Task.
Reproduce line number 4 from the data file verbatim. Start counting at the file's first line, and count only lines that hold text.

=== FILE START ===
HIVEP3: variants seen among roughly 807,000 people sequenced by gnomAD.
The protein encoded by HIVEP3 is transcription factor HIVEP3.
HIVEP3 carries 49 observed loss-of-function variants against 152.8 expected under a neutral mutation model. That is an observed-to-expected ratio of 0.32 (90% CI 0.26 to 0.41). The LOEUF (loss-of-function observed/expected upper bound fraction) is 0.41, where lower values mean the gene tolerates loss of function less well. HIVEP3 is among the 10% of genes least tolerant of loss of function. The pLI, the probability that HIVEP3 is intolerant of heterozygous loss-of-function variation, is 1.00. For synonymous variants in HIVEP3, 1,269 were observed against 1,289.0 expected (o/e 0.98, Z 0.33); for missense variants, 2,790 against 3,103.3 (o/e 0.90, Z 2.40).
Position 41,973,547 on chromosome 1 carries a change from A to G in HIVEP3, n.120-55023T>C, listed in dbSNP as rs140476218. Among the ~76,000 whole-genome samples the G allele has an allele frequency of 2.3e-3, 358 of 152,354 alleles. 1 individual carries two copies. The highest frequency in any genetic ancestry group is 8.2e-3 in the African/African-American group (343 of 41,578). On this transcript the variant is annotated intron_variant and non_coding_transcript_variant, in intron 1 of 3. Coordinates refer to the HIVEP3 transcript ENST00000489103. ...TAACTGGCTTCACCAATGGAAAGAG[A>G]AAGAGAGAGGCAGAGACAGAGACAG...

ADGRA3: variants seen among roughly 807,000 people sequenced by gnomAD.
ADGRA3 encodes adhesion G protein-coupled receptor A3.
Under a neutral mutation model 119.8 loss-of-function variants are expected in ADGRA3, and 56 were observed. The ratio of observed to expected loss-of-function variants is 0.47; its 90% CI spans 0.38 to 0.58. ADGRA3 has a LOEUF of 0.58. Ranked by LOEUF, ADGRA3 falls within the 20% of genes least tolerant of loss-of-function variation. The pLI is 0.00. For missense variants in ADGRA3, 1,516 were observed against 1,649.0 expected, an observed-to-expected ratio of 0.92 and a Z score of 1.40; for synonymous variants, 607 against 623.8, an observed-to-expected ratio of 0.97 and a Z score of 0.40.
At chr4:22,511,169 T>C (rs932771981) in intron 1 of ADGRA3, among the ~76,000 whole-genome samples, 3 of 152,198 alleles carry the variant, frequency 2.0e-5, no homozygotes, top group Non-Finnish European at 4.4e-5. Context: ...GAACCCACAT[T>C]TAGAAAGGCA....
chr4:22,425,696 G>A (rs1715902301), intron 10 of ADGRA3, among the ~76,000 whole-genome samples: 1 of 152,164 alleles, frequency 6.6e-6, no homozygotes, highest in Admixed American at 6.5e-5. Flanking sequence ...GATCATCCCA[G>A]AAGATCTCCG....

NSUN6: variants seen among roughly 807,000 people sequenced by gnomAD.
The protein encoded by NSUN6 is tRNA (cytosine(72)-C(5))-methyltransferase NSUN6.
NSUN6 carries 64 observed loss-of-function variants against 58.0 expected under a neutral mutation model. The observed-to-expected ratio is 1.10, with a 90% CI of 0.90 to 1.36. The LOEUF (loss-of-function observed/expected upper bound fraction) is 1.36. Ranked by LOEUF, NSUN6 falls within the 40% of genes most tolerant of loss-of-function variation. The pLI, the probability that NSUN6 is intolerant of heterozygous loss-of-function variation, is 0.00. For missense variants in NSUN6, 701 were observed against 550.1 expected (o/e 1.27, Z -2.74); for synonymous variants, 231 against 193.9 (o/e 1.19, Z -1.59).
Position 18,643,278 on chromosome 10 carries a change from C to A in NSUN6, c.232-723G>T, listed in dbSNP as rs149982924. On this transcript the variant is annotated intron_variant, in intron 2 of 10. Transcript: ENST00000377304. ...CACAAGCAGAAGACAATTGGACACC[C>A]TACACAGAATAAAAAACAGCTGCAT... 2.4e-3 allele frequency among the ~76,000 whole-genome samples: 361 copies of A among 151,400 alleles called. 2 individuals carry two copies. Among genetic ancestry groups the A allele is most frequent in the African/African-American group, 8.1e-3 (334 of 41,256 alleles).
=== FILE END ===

Position 41,973,547 on chromosome 1 carries a change from A to G in HIVEP3, n.120-55023T>C, listed in dbSNP as rs140476218. Among the ~76,000 whole-genome samples the G allele has an allele frequency of 2.3e-3, 358 of 152,354 alleles. 1 individual carries two copies. The highest frequency in any genetic ancestry group is 8.2e-3 in the African/African-American group (343 of 41,578). On this transcript the variant is annotated intron_variant and non_coding_transcript_variant, in intron 1 of 3. Coordinates refer to the HIVEP3 transcript ENST00000489103. ...TAACTGGCTTCACCAATGGAAAGAG[A>G]AAGAGAGAGGCAGAGACAGAGACAG...